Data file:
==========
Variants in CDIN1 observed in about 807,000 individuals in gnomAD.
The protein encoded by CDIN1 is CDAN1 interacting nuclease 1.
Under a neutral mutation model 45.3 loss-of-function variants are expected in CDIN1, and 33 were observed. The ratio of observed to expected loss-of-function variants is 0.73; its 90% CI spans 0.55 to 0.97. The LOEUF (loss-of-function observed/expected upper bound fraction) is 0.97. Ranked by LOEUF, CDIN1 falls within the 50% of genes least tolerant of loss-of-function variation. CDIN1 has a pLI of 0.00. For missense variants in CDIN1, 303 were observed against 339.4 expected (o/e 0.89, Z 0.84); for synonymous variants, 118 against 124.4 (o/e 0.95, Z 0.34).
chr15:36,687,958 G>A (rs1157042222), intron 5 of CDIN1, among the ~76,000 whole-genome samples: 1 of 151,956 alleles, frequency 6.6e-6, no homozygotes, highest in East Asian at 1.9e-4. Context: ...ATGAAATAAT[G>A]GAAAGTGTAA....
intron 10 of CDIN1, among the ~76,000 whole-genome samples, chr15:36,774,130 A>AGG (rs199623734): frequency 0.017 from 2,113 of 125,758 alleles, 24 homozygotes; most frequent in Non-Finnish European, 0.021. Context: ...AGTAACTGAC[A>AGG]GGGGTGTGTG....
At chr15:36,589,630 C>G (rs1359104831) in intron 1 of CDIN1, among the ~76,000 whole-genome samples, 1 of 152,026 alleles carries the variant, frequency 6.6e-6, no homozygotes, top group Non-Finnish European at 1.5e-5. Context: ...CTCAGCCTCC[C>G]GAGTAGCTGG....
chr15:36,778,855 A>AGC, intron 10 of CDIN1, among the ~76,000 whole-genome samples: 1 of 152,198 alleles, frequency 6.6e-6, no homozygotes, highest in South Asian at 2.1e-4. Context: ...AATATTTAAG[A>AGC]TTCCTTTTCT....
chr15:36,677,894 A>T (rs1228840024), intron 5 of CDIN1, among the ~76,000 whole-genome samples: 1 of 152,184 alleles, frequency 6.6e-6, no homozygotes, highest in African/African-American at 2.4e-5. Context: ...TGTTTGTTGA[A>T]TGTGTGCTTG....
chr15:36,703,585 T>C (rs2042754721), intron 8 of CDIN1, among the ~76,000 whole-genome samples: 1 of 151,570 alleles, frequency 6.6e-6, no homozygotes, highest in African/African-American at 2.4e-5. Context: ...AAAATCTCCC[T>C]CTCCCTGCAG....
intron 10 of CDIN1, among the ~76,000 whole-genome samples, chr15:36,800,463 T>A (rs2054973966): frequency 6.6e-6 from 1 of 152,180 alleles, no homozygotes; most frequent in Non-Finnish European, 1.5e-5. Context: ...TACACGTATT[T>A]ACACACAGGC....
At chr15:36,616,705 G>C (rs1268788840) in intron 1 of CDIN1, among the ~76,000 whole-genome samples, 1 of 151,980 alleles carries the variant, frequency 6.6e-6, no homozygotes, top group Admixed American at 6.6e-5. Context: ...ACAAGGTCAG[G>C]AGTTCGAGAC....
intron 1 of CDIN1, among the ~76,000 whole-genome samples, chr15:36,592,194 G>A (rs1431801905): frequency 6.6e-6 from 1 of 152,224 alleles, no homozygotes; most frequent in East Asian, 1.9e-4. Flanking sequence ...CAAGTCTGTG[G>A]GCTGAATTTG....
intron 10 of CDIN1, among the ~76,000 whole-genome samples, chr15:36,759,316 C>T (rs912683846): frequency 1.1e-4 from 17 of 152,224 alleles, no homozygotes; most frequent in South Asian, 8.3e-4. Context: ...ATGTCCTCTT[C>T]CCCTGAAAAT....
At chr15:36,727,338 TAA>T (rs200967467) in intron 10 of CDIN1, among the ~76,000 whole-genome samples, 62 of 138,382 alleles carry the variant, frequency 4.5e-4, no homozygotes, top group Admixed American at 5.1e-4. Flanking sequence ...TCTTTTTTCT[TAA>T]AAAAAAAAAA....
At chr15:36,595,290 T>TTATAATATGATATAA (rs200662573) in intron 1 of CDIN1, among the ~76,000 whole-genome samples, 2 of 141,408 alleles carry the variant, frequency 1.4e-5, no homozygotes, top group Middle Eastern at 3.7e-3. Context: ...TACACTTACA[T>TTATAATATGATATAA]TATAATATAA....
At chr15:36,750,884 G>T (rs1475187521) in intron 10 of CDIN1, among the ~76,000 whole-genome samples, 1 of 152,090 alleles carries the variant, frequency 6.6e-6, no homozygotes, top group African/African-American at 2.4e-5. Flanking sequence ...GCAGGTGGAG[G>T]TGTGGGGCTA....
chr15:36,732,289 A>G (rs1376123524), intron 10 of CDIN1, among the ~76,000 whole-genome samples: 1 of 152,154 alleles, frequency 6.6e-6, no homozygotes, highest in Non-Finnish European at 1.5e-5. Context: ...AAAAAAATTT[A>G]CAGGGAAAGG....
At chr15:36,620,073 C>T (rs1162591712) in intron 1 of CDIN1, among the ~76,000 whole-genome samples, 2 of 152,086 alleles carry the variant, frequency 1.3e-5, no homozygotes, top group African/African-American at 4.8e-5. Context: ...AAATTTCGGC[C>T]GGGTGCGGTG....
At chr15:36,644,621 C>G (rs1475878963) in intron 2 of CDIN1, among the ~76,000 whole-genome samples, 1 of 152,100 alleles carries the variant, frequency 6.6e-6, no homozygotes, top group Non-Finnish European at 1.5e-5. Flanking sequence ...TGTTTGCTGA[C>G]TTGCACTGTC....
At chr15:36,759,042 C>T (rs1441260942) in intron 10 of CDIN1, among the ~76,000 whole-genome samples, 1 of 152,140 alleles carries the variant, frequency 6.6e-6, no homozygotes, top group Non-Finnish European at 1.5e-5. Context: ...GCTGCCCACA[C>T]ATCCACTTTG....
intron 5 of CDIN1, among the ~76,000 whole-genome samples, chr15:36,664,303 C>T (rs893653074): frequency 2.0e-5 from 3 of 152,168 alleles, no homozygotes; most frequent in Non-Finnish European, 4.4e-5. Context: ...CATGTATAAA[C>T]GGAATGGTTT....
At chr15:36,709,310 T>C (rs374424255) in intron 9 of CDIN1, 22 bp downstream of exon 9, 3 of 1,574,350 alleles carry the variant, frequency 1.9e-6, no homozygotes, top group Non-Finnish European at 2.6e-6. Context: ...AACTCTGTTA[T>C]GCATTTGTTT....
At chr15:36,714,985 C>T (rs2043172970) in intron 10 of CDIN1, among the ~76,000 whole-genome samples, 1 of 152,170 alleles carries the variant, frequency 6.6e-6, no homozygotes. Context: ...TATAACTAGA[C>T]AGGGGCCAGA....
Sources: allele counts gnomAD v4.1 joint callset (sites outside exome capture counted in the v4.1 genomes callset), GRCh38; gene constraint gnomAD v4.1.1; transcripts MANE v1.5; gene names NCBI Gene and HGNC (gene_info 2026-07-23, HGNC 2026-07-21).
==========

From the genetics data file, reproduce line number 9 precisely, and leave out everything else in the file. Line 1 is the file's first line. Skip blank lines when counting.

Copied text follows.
chr15:36,703,585 T>C (rs2042754721), intron 8 of CDIN1, among the ~76,000 whole-genome samples: 1 of 151,570 alleles, frequency 6.6e-6, no homozygotes, highest in African/African-American at 2.4e-5. Context: ...AAAATCTCCC[T>C]CTCCCTGCAG....